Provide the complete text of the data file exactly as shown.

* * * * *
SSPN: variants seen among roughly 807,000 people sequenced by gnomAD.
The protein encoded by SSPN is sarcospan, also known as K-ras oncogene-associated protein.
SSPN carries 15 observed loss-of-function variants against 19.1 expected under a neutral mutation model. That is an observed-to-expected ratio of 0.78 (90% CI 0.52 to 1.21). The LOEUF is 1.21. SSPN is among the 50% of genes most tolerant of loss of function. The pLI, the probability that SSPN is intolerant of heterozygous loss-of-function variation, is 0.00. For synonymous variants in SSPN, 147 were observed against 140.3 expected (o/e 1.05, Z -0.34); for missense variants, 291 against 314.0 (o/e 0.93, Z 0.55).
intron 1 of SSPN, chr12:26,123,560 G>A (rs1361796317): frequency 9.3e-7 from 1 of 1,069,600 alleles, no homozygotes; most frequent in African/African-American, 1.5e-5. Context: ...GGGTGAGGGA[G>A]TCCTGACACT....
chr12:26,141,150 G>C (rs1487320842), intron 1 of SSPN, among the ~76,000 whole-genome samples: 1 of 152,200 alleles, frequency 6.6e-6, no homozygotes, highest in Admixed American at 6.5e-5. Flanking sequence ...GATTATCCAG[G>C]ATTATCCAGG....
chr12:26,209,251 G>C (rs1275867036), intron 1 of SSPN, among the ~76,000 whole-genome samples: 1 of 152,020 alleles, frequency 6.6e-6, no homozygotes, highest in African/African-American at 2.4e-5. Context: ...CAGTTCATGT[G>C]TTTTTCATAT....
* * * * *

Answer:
SSPN: variants seen among roughly 807,000 people sequenced by gnomAD.
The protein encoded by SSPN is sarcospan, also known as K-ras oncogene-associated protein.
SSPN carries 15 observed loss-of-function variants against 19.1 expected under a neutral mutation model. That is an observed-to-expected ratio of 0.78 (90% CI 0.52 to 1.21). The LOEUF is 1.21. SSPN is among the 50% of genes most tolerant of loss of function. The pLI, the probability that SSPN is intolerant of heterozygous loss-of-function variation, is 0.00. For synonymous variants in SSPN, 147 were observed against 140.3 expected (o/e 1.05, Z -0.34); for missense variants, 291 against 314.0 (o/e 0.93, Z 0.55).
intron 1 of SSPN, chr12:26,123,560 G>A (rs1361796317): frequency 9.3e-7 from 1 of 1,069,600 alleles, no homozygotes; most frequent in African/African-American, 1.5e-5. Context: ...GGGTGAGGGA[G>A]TCCTGACACT....
chr12:26,141,150 G>C (rs1487320842), intron 1 of SSPN, among the ~76,000 whole-genome samples: 1 of 152,200 alleles, frequency 6.6e-6, no homozygotes, highest in Admixed American at 6.5e-5. Flanking sequence ...GATTATCCAG[G>C]ATTATCCAGG....
chr12:26,209,251 G>C (rs1275867036), intron 1 of SSPN, among the ~76,000 whole-genome samples: 1 of 152,020 alleles, frequency 6.6e-6, no homozygotes, highest in African/African-American at 2.4e-5. Context: ...CAGTTCATGT[G>C]TTTTTCATAT....